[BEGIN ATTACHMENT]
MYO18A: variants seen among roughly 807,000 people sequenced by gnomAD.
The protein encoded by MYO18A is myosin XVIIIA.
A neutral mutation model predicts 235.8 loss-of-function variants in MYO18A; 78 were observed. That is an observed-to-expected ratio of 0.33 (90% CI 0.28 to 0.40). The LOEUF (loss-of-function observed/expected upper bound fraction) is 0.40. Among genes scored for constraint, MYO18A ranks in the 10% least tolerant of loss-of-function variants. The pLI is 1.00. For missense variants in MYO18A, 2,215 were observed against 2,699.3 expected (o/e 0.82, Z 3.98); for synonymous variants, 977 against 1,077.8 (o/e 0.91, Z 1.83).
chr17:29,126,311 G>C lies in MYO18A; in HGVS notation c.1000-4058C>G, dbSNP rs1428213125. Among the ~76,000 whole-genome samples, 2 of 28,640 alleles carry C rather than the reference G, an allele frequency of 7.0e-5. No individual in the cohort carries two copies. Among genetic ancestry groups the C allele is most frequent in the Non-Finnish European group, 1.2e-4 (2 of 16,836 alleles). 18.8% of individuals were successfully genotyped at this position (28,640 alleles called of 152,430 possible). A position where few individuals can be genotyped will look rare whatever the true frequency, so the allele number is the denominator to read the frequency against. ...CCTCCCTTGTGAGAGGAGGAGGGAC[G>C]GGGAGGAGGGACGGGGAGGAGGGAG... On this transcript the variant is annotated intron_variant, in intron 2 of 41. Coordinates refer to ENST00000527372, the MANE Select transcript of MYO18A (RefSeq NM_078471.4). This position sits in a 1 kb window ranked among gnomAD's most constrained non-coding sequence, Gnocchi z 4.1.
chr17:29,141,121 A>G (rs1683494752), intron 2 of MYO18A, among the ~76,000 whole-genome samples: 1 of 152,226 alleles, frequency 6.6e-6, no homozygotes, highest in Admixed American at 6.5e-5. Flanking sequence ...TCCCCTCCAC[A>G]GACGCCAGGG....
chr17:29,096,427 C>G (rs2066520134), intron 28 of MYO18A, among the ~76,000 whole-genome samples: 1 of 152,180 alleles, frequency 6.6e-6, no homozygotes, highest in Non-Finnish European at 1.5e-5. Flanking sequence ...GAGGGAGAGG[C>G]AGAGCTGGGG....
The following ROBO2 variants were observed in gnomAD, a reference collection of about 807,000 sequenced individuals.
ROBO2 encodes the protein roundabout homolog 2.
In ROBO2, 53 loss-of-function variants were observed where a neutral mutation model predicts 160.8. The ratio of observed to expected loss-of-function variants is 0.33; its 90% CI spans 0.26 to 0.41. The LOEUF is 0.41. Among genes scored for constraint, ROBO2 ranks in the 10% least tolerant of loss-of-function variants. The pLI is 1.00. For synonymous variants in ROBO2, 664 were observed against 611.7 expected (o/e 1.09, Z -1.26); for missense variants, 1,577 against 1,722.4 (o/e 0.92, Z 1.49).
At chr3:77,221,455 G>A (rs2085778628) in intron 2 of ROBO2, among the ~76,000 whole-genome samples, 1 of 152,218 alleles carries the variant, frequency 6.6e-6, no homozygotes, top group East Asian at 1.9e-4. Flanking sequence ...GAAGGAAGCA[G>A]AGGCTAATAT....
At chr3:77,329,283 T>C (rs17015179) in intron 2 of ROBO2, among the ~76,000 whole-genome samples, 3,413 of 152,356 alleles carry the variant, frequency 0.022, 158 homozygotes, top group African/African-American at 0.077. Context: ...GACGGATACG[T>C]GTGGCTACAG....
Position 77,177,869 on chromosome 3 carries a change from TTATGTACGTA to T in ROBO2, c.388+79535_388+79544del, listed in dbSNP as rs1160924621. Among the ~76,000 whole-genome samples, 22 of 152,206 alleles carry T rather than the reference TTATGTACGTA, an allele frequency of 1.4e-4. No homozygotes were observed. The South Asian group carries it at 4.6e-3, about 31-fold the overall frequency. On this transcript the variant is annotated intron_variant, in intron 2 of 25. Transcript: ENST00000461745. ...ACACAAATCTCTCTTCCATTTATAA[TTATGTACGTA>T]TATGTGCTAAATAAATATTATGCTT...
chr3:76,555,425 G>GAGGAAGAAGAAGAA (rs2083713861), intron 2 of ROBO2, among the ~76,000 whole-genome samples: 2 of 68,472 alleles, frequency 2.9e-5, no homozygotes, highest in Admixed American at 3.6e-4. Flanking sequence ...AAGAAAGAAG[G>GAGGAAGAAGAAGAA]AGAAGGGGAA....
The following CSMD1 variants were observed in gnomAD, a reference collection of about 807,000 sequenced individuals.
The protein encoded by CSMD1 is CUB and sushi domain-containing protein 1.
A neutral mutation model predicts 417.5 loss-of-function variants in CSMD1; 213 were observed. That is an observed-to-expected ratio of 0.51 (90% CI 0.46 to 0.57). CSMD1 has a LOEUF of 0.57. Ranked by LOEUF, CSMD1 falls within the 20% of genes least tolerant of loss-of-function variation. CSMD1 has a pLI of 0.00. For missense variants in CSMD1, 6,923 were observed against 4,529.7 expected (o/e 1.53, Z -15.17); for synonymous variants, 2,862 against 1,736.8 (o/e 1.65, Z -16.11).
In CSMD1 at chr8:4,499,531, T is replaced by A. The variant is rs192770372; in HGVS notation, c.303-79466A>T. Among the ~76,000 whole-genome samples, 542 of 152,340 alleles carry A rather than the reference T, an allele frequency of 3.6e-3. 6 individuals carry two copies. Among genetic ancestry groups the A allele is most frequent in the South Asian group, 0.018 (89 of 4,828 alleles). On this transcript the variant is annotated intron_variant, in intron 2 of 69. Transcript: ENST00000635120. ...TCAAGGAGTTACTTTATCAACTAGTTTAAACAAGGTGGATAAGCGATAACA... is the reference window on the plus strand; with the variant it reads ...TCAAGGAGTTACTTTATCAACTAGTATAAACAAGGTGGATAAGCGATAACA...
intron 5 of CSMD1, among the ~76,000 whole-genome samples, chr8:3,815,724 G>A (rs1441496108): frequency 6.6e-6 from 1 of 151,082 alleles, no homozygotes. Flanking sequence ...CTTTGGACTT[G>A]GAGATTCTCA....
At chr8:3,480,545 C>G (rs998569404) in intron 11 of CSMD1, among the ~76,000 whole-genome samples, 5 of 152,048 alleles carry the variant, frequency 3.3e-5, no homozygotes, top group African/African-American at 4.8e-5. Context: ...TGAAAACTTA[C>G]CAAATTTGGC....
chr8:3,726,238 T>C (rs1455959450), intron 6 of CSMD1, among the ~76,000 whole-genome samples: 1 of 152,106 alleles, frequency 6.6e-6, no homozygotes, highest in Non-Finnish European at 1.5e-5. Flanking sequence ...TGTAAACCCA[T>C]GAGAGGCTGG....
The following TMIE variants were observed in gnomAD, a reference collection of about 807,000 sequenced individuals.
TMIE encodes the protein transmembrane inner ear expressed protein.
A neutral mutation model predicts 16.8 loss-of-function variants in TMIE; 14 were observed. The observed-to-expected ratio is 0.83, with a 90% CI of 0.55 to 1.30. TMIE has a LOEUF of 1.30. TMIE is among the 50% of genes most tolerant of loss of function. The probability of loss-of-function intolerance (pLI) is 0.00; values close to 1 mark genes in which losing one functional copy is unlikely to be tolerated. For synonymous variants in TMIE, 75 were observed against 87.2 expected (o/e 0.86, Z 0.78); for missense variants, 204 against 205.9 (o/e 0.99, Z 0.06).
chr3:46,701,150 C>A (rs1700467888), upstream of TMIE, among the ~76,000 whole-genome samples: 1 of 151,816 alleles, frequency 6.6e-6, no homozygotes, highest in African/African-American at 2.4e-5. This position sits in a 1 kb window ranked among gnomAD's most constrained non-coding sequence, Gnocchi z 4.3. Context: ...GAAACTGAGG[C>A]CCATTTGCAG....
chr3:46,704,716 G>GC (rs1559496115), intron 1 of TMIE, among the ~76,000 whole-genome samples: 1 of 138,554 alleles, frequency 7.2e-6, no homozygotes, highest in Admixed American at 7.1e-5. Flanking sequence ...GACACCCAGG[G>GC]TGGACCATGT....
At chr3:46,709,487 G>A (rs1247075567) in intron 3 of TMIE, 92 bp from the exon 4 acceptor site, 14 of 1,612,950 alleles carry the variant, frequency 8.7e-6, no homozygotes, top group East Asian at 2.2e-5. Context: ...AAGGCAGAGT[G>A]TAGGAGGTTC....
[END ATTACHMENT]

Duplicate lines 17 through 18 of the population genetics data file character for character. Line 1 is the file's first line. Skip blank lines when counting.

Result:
In CSMD1 at chr8:4,499,531, T is replaced by A. The variant is rs192770372; in HGVS notation, c.303-79466A>T. Among the ~76,000 whole-genome samples, 542 of 152,340 alleles carry A rather than the reference T, an allele frequency of 3.6e-3. 6 individuals carry two copies. Among genetic ancestry groups the A allele is most frequent in the South Asian group, 0.018 (89 of 4,828 alleles). On this transcript the variant is annotated intron_variant, in intron 2 of 69. Transcript: ENST00000635120. ...TCAAGGAGTTACTTTATCAACTAGTTTAAACAAGGTGGATAAGCGATAACA... is the reference window on the plus strand; with the variant it reads ...TCAAGGAGTTACTTTATCAACTAGTATAAACAAGGTGGATAAGCGATAACA...
intron 5 of CSMD1, among the ~76,000 whole-genome samples, chr8:3,815,724 G>A (rs1441496108): frequency 6.6e-6 from 1 of 151,082 alleles, no homozygotes. Flanking sequence ...CTTTGGACTT[G>A]GAGATTCTCA....